Investors only earn interest on money invested into loans. Cash deposited, but not (yet) invested will earn no interest. The time it takes to get money invested into desirable loans is therefore an important influencer on the yield and depends on the dealflow of the platform and the investor demand. On many platforms there is more investor demand than loans available. This leads to some platforms imposing maximum bid restrictions or operating queues for allocation.
Another factor is the time it takes from making a bid for a loan to the time that investment starts earning interest. On some platform it is instant, interest accrues from the day you invest, on other platforms there are delays â€“ it takes a few days for the loan amount to fund, then it might take some more time till money is paid to the borrower and only then does interest start to accrue.
Unsecured vs. secured loans
Consumer loans listed on platforms are mostly unsecured (exception some car loans). SME loans offer no or or some type of asset as security and property loans typically offer a first or second charge on the property as security. Usually it is preferable to lend with some kind of security offered. However even with the property offered as security there is still the risk that when the loan defaults, the property fails to sell at a price high enough to be sufficient for full recovery of the loans principal.
Some loans come with personal guarantees of the directors. I donâ€™t view these as adding security as they have been worthless in recovery attempts on many past loans.
Some platforms operate a discretionary provision fund. They accumulate small fees into that fund and if a loan defaults, affected investors are reimbursed from the fund. Obviously this will work only as long as the actual default levels are in line (or lower) to the assumptions the company made at the time it designed the provision fund.
Some Eastern European platforms (or the loan originators present on them) offer a â€˜buyback guaranteeâ€™, promising to buy back the loan from the investor, once it is x days overdue. This promise is only as good as the profitability of the one making it. There has been at least one case where it became worthless when the loan originator went into insolvency.
A certain percentage of loans will default. This is normal in p2plending and nothing to worry about as long as this percentage stays in a healthy relationship to the interest offered for the risk. The platform will initiate a defined process once loans are overdue or defaulted. Make sure you understand the process and are familiar with the average recovery rates achieved.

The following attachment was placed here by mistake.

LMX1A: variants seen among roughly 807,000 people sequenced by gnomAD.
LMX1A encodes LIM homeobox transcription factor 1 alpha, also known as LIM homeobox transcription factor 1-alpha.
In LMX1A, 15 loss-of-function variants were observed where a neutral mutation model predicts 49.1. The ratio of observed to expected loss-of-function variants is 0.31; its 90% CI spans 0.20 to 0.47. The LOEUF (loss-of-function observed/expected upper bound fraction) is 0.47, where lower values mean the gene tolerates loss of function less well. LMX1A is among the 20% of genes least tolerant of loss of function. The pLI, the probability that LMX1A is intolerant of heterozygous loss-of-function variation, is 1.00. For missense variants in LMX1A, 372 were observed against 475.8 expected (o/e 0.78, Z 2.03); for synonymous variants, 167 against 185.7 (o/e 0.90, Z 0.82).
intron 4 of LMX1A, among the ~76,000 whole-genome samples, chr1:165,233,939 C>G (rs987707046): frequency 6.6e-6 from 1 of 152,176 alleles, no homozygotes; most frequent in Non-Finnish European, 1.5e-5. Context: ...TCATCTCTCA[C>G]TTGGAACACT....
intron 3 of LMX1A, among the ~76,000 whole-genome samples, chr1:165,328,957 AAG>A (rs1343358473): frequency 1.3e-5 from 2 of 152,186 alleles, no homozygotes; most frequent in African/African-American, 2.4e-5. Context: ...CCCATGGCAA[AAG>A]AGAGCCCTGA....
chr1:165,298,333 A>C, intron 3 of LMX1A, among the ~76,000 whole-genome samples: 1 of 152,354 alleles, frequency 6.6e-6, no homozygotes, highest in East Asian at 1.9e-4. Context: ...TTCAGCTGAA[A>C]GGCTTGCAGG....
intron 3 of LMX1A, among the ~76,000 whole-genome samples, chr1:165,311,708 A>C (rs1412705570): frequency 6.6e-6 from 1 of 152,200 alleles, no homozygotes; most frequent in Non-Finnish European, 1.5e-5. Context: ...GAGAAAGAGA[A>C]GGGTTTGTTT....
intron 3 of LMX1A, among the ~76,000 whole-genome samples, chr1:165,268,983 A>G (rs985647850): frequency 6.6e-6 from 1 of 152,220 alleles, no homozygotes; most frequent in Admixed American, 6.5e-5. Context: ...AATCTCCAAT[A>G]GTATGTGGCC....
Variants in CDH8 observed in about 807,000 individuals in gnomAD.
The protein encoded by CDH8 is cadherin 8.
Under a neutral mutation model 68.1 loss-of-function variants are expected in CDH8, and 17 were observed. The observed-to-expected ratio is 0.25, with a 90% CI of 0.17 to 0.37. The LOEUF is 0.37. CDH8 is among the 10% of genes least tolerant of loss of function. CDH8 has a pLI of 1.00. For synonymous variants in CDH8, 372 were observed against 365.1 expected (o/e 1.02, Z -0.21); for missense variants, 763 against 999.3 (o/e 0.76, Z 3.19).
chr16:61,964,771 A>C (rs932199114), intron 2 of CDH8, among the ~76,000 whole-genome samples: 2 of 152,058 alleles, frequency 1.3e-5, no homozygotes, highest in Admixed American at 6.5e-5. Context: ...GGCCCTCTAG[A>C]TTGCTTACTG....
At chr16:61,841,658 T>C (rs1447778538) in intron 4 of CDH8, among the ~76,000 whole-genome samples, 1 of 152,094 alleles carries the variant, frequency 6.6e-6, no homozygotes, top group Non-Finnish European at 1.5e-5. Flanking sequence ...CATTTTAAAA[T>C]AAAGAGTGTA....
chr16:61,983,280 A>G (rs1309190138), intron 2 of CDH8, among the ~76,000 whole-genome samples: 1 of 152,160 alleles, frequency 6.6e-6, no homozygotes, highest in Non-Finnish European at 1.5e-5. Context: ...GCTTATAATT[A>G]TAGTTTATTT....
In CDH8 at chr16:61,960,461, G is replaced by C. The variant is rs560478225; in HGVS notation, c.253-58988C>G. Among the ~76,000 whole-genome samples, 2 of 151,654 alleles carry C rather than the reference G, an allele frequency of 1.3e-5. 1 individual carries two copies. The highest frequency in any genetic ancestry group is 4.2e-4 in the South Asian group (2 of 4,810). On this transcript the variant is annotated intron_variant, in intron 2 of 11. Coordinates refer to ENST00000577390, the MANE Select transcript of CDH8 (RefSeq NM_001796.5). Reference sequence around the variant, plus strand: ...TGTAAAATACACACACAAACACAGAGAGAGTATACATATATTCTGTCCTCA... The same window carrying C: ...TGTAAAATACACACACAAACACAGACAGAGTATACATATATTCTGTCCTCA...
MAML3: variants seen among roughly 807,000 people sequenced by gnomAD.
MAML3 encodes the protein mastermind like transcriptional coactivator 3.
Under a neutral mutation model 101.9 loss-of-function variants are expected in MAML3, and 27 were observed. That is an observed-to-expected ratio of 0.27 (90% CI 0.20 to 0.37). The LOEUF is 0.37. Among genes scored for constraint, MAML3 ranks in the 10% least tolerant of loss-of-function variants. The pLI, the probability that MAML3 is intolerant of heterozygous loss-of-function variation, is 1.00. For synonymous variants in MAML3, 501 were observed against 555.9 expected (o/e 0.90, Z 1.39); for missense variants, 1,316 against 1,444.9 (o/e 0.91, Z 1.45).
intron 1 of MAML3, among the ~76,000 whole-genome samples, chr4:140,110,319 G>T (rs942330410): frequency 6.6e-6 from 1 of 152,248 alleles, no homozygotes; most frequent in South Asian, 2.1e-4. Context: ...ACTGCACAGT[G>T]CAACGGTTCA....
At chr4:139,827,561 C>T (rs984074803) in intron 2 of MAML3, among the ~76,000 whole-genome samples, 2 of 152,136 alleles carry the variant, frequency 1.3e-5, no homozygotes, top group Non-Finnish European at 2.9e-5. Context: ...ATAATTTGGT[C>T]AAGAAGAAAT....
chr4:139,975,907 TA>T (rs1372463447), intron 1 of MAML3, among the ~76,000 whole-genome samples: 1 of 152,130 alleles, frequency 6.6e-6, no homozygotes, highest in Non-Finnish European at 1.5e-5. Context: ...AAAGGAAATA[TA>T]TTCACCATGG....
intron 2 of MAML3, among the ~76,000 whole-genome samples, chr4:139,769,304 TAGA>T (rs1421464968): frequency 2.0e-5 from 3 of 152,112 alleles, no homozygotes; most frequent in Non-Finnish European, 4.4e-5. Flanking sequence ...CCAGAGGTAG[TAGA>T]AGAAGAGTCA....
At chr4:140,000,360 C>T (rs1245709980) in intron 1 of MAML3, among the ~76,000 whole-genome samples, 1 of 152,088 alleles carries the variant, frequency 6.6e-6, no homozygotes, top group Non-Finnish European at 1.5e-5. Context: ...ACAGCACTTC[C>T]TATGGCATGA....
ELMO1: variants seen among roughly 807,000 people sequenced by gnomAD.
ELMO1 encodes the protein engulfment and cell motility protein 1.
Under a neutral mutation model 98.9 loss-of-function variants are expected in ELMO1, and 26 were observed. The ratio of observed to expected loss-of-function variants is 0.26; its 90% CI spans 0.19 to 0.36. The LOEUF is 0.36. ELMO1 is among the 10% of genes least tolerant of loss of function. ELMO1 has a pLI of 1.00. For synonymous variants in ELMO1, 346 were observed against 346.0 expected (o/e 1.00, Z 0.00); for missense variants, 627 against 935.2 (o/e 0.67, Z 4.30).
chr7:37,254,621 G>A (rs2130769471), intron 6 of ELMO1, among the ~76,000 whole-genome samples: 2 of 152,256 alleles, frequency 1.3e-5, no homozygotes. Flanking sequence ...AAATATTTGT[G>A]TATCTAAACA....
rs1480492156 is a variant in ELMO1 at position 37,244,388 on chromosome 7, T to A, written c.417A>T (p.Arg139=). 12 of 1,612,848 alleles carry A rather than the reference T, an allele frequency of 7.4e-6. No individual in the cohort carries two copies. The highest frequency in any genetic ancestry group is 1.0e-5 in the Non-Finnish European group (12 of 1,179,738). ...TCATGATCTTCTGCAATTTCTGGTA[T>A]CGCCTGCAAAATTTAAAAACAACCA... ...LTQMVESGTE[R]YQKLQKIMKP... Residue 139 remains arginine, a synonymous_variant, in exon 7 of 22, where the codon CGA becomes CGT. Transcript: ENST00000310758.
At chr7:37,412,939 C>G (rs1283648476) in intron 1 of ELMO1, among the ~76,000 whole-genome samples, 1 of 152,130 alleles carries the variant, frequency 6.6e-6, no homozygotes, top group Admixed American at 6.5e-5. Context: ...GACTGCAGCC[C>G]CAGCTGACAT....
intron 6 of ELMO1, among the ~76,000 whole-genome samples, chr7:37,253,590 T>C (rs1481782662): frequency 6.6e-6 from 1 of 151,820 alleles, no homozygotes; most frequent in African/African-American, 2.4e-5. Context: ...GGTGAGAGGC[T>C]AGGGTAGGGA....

With very few exceptions, p2p lending returns are taxed in the country where the investor lives according to the rules of that country. If the country you live in does not allow you to offset default losses against interest income earned, it may be a good idea to invest into loans with lower interest rates, but also lower default rates, to achieve higher returns after tax than with a more risky strategy.
If you are lucky position (in a pure p2p lending sense) to be a resident of the UK you have the option to invest up to 20,000 GBP tax allowance in a tax-sheltered IFISA product (see comparison).
Be sure you understand the tax implications and if you are unsure consult a qualified tax advisor.
Start slow. P2P lending has somewhat of a learning curve. It is easy to get excited and carried away early on. I suggest to start with a small amount, gain some experiences and decide whether it is for you and then increase your deposits over time.
Liked these tips? Sign up for the P2P Banking notification services (see yellow boxes) where we inform you once there are news. Want a cashback bonus to start? While you should not select platform by who offers a bonus, it is certainly nice to take it, if you wanted to start with that platform anyway.
This article is neither investment nor tax advice. Investing in p2p lending is risky and bears the risk of total loss of investment